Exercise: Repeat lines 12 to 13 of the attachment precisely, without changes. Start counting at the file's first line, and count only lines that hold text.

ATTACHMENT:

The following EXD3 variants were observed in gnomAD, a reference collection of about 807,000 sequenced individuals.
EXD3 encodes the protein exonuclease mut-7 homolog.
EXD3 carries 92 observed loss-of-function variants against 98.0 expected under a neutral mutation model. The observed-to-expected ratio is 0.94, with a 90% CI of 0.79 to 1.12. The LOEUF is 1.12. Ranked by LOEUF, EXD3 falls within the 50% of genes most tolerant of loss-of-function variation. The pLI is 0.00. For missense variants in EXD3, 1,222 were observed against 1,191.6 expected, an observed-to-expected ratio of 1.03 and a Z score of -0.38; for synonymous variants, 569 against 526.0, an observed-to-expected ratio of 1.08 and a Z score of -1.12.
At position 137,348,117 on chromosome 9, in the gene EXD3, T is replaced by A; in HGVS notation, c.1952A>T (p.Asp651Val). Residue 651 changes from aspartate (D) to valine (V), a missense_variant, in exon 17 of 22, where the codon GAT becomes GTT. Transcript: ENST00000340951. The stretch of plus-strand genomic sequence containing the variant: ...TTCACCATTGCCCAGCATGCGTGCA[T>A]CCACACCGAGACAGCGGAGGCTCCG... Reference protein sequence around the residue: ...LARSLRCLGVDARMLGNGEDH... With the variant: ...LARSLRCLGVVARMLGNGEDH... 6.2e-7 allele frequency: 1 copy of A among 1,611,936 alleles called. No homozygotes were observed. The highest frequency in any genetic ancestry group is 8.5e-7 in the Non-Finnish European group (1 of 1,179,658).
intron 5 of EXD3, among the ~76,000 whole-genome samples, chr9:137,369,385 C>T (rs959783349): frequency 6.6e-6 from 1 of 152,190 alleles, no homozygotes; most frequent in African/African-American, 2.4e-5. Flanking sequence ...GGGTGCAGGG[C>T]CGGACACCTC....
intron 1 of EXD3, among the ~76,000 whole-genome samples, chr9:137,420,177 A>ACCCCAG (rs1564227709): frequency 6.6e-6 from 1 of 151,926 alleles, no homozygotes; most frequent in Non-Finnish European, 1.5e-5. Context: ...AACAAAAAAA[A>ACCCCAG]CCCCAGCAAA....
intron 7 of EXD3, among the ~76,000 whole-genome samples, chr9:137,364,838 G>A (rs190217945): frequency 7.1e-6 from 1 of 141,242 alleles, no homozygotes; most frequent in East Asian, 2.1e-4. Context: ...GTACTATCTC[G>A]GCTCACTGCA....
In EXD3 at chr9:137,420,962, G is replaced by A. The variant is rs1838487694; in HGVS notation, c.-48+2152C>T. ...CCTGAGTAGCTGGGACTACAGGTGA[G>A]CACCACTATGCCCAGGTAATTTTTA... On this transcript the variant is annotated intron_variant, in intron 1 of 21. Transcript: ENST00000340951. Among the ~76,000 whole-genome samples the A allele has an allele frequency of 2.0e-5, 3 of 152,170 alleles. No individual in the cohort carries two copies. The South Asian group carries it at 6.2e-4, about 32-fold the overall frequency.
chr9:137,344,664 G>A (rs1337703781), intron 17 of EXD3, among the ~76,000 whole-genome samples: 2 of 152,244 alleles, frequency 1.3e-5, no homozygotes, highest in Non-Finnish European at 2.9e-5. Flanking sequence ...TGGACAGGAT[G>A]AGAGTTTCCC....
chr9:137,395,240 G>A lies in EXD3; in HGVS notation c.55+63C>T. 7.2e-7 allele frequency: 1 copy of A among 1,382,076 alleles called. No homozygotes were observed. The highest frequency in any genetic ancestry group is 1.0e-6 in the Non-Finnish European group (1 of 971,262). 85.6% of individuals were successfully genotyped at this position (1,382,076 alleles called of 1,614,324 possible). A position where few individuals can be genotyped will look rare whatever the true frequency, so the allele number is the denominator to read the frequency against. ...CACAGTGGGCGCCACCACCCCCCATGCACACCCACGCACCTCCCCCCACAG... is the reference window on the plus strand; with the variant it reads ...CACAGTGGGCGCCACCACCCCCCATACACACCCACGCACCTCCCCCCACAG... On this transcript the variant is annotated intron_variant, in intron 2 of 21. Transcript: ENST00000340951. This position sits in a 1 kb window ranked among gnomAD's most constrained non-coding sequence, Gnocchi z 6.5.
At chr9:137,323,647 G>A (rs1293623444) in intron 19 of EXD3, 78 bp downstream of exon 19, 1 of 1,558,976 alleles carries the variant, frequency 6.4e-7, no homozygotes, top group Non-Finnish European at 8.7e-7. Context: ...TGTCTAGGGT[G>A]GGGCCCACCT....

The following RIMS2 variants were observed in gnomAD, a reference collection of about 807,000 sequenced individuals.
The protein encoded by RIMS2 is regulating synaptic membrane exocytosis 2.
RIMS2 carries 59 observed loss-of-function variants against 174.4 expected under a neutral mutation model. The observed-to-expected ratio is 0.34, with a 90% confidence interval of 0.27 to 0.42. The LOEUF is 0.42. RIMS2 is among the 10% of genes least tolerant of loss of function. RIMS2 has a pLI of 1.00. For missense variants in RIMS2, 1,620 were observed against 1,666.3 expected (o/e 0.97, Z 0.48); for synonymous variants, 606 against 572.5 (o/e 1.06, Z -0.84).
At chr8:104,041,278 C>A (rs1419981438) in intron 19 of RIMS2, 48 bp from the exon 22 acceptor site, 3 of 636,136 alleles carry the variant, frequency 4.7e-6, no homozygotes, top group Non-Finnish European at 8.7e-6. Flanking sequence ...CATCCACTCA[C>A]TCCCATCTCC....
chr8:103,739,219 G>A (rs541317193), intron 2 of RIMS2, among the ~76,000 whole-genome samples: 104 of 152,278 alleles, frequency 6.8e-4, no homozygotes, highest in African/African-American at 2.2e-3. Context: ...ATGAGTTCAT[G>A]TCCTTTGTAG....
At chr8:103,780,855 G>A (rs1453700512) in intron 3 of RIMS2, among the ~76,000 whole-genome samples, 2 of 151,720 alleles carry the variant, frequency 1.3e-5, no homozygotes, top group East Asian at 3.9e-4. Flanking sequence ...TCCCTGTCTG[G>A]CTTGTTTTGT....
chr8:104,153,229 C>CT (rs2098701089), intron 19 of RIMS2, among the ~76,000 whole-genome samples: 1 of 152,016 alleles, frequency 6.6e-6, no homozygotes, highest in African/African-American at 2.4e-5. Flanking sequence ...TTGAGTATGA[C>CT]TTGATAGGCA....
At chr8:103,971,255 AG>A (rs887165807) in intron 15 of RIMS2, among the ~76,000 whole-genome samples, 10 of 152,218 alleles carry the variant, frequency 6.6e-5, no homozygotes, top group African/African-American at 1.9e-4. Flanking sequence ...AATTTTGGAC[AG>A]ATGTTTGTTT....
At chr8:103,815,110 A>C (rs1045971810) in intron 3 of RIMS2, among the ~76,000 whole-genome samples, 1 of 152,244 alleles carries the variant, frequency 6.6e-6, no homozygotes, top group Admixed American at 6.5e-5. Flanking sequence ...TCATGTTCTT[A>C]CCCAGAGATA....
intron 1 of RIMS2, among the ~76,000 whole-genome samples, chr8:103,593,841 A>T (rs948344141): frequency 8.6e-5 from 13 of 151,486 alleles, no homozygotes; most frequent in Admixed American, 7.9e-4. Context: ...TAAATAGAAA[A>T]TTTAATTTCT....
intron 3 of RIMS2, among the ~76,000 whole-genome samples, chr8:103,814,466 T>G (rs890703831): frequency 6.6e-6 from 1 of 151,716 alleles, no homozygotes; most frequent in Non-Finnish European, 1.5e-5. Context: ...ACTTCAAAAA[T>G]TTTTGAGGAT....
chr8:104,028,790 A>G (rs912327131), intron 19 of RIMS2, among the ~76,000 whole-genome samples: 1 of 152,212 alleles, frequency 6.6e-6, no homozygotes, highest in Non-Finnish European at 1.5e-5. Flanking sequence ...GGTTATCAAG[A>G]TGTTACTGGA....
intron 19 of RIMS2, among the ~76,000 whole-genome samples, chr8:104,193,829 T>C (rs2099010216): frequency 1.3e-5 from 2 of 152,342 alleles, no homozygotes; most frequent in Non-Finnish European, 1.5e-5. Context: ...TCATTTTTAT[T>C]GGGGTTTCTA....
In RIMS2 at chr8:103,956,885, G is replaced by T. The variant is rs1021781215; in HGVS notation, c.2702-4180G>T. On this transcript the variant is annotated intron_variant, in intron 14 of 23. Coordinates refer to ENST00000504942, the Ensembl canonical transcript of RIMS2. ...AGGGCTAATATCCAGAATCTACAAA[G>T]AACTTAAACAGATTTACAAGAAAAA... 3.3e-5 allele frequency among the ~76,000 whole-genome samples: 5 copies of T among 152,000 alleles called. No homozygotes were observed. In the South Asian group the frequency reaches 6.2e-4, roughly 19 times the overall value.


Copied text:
The following RIMS2 variants were observed in gnomAD, a reference collection of about 807,000 sequenced individuals.
The protein encoded by RIMS2 is regulating synaptic membrane exocytosis 2.